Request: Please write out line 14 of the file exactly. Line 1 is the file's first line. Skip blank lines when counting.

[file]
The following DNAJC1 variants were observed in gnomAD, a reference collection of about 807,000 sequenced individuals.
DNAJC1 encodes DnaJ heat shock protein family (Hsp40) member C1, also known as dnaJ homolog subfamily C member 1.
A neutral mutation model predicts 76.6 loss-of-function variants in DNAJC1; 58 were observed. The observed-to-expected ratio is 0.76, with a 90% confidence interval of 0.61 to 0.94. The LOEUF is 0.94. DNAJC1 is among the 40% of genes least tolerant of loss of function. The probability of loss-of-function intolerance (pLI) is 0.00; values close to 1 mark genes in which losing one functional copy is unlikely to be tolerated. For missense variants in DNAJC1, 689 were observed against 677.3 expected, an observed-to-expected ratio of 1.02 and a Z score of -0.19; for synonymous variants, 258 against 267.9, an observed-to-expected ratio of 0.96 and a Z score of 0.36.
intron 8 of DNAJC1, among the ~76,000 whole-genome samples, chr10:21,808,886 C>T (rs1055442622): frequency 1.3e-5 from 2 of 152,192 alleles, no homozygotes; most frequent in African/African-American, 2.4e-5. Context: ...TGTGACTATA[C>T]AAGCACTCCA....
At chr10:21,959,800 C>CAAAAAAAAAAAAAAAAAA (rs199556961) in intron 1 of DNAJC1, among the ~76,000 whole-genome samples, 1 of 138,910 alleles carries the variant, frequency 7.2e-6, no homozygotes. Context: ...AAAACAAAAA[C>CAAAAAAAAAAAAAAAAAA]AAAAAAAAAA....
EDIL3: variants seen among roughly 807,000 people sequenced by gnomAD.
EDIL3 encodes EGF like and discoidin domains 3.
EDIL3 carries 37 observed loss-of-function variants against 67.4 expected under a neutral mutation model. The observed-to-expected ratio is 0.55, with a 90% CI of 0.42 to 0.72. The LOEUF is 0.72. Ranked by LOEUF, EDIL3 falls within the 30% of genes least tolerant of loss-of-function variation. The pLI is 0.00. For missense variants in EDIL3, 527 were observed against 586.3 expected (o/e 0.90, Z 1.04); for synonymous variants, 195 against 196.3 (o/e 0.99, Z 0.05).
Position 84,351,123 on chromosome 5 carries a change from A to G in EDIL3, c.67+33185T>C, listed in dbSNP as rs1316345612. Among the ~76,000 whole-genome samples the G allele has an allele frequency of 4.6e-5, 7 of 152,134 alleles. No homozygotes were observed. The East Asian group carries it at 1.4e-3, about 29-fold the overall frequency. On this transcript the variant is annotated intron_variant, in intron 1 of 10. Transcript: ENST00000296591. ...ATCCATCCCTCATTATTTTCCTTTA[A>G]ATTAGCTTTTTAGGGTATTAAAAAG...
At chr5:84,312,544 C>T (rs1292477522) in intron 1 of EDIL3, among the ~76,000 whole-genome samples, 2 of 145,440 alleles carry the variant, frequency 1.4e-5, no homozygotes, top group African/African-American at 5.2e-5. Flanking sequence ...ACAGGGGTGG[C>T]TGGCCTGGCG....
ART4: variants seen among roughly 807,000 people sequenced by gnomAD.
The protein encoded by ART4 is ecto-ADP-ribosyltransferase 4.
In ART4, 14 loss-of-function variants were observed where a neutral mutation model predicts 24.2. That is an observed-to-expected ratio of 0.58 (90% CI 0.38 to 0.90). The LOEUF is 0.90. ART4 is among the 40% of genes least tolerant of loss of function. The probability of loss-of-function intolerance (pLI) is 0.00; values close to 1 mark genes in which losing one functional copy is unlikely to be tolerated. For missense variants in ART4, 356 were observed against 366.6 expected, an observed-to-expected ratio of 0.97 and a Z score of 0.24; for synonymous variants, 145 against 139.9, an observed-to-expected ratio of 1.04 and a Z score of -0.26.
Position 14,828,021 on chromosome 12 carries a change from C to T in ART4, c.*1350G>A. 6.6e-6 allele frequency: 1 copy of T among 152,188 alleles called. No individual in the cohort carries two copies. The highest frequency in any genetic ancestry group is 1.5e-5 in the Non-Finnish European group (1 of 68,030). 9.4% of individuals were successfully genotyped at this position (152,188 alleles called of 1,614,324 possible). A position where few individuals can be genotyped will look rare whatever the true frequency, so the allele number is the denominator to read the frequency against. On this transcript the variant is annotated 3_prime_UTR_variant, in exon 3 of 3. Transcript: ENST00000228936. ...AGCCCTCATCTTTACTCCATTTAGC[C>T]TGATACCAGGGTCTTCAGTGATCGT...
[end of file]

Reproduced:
Position 14,828,021 on chromosome 12 carries a change from C to T in ART4, c.*1350G>A. 6.6e-6 allele frequency: 1 copy of T among 152,188 alleles called. No individual in the cohort carries two copies. The highest frequency in any genetic ancestry group is 1.5e-5 in the Non-Finnish European group (1 of 68,030). 9.4% of individuals were successfully genotyped at this position (152,188 alleles called of 1,614,324 possible). A position where few individuals can be genotyped will look rare whatever the true frequency, so the allele number is the denominator to read the frequency against. On this transcript the variant is annotated 3_prime_UTR_variant, in exon 3 of 3. Transcript: ENST00000228936. ...AGCCCTCATCTTTACTCCATTTAGC[C>T]TGATACCAGGGTCTTCAGTGATCGT...